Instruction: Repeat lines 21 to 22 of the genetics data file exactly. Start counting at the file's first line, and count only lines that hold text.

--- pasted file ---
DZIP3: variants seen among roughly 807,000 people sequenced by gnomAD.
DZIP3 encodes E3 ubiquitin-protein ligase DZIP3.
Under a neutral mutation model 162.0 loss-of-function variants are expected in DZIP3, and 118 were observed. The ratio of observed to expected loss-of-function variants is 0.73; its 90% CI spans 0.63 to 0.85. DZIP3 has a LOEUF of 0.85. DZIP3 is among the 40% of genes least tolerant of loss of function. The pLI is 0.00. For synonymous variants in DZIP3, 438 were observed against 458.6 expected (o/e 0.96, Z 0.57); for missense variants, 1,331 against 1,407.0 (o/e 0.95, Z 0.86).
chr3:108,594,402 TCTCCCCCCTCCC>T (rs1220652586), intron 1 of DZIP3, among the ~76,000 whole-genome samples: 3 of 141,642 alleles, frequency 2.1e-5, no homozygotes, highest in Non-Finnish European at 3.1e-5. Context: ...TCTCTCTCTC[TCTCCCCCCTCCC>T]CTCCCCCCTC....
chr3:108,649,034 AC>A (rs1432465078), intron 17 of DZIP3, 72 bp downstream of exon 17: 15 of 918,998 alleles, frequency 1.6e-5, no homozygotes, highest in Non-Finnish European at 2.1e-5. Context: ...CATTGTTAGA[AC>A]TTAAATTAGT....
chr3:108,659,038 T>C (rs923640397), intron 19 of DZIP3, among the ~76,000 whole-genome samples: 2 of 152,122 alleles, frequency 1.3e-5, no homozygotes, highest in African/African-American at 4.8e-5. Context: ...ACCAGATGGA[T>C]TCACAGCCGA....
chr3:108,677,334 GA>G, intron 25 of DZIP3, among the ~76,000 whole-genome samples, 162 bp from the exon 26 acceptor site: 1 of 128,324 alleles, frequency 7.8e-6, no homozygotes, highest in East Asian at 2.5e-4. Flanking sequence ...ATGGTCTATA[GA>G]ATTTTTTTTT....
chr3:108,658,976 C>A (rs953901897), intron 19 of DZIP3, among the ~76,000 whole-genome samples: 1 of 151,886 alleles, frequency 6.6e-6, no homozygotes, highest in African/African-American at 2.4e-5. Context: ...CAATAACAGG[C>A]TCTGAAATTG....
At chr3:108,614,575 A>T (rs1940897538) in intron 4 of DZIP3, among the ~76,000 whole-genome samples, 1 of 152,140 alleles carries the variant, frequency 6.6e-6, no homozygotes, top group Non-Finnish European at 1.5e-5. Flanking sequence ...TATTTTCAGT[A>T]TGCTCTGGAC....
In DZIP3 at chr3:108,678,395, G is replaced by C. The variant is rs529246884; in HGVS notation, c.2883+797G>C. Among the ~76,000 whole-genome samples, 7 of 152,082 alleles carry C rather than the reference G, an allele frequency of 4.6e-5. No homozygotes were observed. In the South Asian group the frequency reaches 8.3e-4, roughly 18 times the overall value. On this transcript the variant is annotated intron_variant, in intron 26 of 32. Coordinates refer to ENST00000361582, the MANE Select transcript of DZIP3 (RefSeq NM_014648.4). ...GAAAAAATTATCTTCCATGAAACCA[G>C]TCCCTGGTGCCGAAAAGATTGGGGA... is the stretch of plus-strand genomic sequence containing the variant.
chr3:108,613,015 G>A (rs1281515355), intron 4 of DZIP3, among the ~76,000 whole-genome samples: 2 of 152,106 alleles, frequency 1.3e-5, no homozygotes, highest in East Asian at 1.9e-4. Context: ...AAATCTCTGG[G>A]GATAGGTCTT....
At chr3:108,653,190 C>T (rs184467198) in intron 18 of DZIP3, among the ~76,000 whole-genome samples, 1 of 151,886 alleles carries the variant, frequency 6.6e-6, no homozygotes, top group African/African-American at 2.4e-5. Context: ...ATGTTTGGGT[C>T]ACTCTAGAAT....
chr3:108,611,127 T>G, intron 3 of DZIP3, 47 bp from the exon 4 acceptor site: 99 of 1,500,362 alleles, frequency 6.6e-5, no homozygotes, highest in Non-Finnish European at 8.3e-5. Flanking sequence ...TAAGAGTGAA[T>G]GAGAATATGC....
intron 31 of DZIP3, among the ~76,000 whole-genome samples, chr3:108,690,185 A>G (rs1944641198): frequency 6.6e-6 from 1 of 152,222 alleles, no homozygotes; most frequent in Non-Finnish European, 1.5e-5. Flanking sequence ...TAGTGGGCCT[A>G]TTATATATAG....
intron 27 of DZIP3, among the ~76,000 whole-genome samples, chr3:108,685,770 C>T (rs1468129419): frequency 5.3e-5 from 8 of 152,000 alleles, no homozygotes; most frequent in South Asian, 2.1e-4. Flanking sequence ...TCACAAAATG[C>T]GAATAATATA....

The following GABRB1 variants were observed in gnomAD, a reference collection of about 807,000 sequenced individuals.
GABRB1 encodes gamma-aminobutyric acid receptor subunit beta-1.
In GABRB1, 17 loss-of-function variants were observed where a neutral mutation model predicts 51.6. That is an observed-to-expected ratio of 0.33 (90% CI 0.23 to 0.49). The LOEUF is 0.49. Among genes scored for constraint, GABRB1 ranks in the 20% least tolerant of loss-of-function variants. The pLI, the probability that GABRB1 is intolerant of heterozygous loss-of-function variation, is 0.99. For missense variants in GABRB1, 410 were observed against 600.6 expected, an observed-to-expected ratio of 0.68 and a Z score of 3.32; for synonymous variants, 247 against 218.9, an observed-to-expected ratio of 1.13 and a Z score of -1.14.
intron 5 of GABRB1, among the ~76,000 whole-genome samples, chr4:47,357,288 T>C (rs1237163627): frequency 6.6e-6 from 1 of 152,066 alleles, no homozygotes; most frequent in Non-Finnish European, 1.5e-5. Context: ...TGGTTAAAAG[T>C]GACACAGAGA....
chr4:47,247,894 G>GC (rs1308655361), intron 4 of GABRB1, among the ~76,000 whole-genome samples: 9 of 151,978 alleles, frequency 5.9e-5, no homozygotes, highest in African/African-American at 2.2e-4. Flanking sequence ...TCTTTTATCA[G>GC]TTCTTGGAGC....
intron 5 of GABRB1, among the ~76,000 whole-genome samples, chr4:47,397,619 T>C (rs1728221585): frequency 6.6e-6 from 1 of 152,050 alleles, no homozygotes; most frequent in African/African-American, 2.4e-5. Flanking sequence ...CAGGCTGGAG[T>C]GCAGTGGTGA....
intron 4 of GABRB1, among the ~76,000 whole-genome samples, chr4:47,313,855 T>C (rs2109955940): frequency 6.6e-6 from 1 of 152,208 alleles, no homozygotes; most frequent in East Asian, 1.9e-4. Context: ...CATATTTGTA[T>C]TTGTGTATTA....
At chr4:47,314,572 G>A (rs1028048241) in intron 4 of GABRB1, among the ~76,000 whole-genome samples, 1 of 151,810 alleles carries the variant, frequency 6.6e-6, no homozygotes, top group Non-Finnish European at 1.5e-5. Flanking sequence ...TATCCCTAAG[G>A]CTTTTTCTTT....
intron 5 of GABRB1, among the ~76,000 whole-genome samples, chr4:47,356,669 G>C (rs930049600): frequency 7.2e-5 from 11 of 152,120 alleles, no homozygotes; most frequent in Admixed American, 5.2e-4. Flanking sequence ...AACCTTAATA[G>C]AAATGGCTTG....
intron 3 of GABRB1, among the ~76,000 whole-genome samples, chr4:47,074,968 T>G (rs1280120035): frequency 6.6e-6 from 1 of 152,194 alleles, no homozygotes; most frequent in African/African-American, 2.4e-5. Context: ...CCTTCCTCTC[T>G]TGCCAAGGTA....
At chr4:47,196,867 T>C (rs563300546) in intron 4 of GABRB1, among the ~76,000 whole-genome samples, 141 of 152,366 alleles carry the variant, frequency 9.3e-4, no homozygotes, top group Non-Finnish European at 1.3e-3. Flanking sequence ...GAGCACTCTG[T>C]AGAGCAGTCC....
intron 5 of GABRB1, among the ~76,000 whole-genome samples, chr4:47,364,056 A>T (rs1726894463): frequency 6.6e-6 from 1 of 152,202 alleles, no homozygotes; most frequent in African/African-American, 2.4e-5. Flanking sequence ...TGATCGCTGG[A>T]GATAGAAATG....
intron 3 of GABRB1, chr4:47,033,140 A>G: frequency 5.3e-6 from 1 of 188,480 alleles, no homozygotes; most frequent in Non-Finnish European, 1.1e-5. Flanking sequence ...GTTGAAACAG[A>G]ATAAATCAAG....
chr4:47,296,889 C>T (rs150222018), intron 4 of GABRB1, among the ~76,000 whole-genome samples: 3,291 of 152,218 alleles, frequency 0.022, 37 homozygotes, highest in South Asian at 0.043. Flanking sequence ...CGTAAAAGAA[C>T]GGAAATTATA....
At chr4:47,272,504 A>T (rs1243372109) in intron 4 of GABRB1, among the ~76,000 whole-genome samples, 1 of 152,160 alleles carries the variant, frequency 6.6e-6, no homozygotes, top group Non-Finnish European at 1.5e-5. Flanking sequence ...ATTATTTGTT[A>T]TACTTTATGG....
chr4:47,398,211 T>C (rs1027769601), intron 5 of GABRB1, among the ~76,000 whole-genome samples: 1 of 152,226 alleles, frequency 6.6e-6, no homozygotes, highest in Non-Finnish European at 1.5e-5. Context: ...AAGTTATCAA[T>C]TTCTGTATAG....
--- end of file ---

intron 5 of GABRB1, among the ~76,000 whole-genome samples, chr4:47,397,619 T>C (rs1728221585): frequency 6.6e-6 from 1 of 152,050 alleles, no homozygotes; most frequent in African/African-American, 2.4e-5. Flanking sequence ...CAGGCTGGAG[T>C]GCAGTGGTGA....
intron 4 of GABRB1, among the ~76,000 whole-genome samples, chr4:47,313,855 T>C (rs2109955940): frequency 6.6e-6 from 1 of 152,208 alleles, no homozygotes; most frequent in East Asian, 1.9e-4. Context: ...CATATTTGTA[T>C]TTGTGTATTA....